In a rare bipartisan display, the House passed the Setting Every Community Up for Retirement Enhancement (SECURE) Act by a vote of 417-3. The Act now goes to the Senate for reconciliation with similar bills and hopefully quick passage. The Act contains a broad array of non-controversial retirement-related provisions and some technical fixes to the 2017 tax bill. In this Alert we focus on the changes coming as early as 2020 that are most likely to be of interest to participants in existing retirement plans, including changes to required minimum distributions (RMDs) and new penalty-free withdrawals upon birth or adoption of a child.
RMDs at Age 72
The change that is probably generating the most headlines is the delay in beginning RMDs from the year in which a participant turns 70-1/2 until the calendar year in which he or she turns 72. The “age 70-1/2” rule has been around so long that this seems like a major change, but mostly it recognizes that employees are working longer and have longer life expectancies. It applies to all types of retirement plans and IRAs, and is effective for participants who turn 70-1/2 after 2019—if you turn 70-1/2 this year the existing rules still apply. Surviving spouses can likewise defer commencement until the participant would have turned age 72.
RMDs after Death
To pay for the delay in starting RMDs and other tax breaks, the law greatly accelerates RMDs to beneficiaries after death. Rather than beneficiaries being able to stretch out distributions over their lifetime, most beneficiaries other than surviving spouses will have to take distributions of the entire account by the end of the 10th year after death. That limit will apply whether the participant had begun taking distributions or not. This rule likewise applies to all plans and IRAs except defined benefit plans, and is generally effective for participants who die after 2019. (There is a delayed effective date for governmental and collectively bargained plans, and payments already being made under an annuity contract.) This will drastically affect some common tax and estate planning techniques. For example, it has been common to name the spouse as beneficiary, and then have the spouse name a much younger successor beneficiary to stretch out payments potentially over decades. Now the spouse will be able to take RMDs over the spouse’s life, but any successor beneficiary will have to take whatever is left within 10 years. There are some limited exceptions for disabled and “chronically ill” beneficiaries, children up to age 18, and non-spouse beneficiaries close to the participant’s age. Still, estate planners are already scheduling seminars to deal with this prospective change in the rules.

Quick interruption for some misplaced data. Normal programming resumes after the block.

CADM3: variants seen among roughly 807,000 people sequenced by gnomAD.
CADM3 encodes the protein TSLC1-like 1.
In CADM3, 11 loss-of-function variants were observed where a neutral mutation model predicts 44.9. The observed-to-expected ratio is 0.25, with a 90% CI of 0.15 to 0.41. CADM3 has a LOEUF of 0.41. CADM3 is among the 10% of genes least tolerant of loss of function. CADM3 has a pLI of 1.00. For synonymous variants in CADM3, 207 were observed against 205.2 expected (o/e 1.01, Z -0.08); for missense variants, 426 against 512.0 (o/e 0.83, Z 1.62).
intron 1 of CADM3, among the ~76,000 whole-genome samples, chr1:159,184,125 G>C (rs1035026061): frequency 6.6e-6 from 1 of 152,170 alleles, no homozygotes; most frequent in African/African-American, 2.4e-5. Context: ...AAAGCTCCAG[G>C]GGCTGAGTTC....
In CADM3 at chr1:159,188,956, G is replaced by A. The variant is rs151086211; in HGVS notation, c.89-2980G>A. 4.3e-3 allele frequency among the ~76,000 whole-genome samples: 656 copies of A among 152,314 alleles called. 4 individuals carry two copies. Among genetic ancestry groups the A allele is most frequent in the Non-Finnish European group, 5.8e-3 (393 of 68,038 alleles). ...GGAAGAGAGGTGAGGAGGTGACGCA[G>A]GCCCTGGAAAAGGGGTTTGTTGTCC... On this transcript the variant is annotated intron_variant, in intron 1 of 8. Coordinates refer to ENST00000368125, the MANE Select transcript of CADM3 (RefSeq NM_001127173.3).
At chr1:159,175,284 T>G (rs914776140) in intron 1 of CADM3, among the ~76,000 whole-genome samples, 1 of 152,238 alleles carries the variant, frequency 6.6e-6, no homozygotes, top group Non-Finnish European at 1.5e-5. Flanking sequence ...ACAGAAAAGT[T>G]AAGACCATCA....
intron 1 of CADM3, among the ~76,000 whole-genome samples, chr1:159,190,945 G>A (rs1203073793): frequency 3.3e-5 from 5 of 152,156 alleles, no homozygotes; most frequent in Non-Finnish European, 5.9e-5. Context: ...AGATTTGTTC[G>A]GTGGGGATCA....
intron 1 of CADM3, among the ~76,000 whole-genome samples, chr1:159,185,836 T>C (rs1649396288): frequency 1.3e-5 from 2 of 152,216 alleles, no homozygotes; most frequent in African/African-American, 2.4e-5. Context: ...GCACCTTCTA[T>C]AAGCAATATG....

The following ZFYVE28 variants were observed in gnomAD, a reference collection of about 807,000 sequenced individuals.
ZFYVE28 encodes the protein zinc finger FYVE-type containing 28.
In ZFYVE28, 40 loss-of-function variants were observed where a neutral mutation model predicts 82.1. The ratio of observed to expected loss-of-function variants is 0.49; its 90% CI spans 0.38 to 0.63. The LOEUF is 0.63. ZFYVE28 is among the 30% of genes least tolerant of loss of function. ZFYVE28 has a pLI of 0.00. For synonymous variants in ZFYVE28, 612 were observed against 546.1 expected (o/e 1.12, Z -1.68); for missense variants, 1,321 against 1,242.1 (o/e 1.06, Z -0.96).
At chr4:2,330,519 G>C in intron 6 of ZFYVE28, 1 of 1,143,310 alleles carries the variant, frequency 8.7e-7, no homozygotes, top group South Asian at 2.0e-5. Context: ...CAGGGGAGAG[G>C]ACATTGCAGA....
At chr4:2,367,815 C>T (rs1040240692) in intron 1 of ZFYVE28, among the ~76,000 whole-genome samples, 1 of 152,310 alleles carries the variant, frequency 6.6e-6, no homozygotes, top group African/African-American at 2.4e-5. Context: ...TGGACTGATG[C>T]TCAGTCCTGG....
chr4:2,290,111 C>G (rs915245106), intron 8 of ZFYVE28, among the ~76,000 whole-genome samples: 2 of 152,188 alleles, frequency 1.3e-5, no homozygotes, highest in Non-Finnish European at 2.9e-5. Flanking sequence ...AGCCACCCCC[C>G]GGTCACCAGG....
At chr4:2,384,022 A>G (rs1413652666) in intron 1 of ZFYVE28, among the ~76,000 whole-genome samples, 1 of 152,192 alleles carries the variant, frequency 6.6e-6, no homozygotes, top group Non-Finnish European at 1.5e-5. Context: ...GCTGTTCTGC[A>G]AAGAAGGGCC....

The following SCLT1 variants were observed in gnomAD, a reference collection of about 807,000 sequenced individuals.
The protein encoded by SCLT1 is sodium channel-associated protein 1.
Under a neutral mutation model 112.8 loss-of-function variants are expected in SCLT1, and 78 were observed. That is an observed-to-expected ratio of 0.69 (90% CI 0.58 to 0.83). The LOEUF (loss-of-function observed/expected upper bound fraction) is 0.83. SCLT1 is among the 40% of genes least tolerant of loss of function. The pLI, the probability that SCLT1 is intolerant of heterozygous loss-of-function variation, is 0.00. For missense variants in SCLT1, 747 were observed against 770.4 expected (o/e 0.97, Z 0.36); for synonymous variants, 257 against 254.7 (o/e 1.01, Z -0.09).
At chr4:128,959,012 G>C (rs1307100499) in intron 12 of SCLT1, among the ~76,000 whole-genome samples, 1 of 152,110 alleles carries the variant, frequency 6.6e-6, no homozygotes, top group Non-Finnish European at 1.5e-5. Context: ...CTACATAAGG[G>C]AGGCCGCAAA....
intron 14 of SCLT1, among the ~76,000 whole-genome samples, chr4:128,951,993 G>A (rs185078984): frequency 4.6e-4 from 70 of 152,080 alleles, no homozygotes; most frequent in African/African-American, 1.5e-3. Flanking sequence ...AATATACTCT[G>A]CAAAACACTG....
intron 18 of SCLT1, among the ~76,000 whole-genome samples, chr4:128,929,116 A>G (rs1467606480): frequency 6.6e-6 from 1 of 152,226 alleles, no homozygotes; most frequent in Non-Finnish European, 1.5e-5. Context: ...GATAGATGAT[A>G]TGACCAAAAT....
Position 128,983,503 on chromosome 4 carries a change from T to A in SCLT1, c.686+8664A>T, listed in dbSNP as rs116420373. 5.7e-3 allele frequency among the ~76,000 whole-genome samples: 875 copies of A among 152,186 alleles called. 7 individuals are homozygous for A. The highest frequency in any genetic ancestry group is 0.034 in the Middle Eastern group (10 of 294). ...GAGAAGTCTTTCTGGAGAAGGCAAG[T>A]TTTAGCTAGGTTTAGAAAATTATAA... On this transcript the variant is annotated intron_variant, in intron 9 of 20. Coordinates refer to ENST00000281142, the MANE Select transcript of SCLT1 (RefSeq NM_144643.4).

Penalty-Free Withdrawals for Children
Another provision that many participants will be interested in is the ability to take withdrawals of up to $5,000 within one year of the birth or adoption of a child, without the usual 10% penalty and without any showing of hardship. The bill specifies that such distributions will be treated as not violating the normal distribution restrictions for a retirement plan (other than a defined benefit plan) or IRA, but it isn’t clear whether plans need to be amended or whether a plan must add this feature. Each parent would be able to withdraw up to $5,000 total from their plans or IRAs, effective for distributions made after 2019—so participants could start to take distributions early in 2020 for children born in 2019. While the tax writers were concerned about “leakage” of retirement plan assets, they decided this limited exception would encourage young participants, who might also be thinking about starting a family, to start saving earlier. Another change under the Act does combat leakage—it would prohibit plan loans from being offered in the form of a credit card or debit card to discourage borrowing money from the plan to meet everyday expenses.
Lifetime Income Disclosures
The Act also incorporates a version of a rule that has long been under consideration by the Department of Labor (DOL), to require plan statements to show the estimated lifetime benefits that can be purchased with the participant’s account balance, even if the plan does not offer an annuity feature. This estimate would not have to appear on every quarterly statement, but only once every 12 months. These statements would not start to appear until a year after the DOL issues interim rules, a model disclosure form, and assumptions that plans should use to convert account balances to estimated annuity payments. DOL must act within one year after enactment, but may be prepared to issue those items fairly quickly, since it has essentially had them “on the shelf” since 2013.
Savings Opportunities for Part-Time Employees
Many 401(k) plans allow immediate eligibility for salary deferrals, but some plans still limit participation to employees who have a year of service (1,000 hours in a year). Concerned that this left part-time employees with only IRAs as savings vehicles, the Act requires 401(k) plans to allow long-term part-time employees to participate. Employees would become eligible after working three consecutive 12-month periods of 500 hours or more each. This requirement applies only to 401(k) plans, not 403(b) or 457(b) plans. It also expressly does not require any employer match or profit sharing contribution for part-time employees, and allows employers to exclude these employees when performing coverage and nondiscrimination testing. But it provides a foot in the door for salary deferral savings at a higher level than IRAs.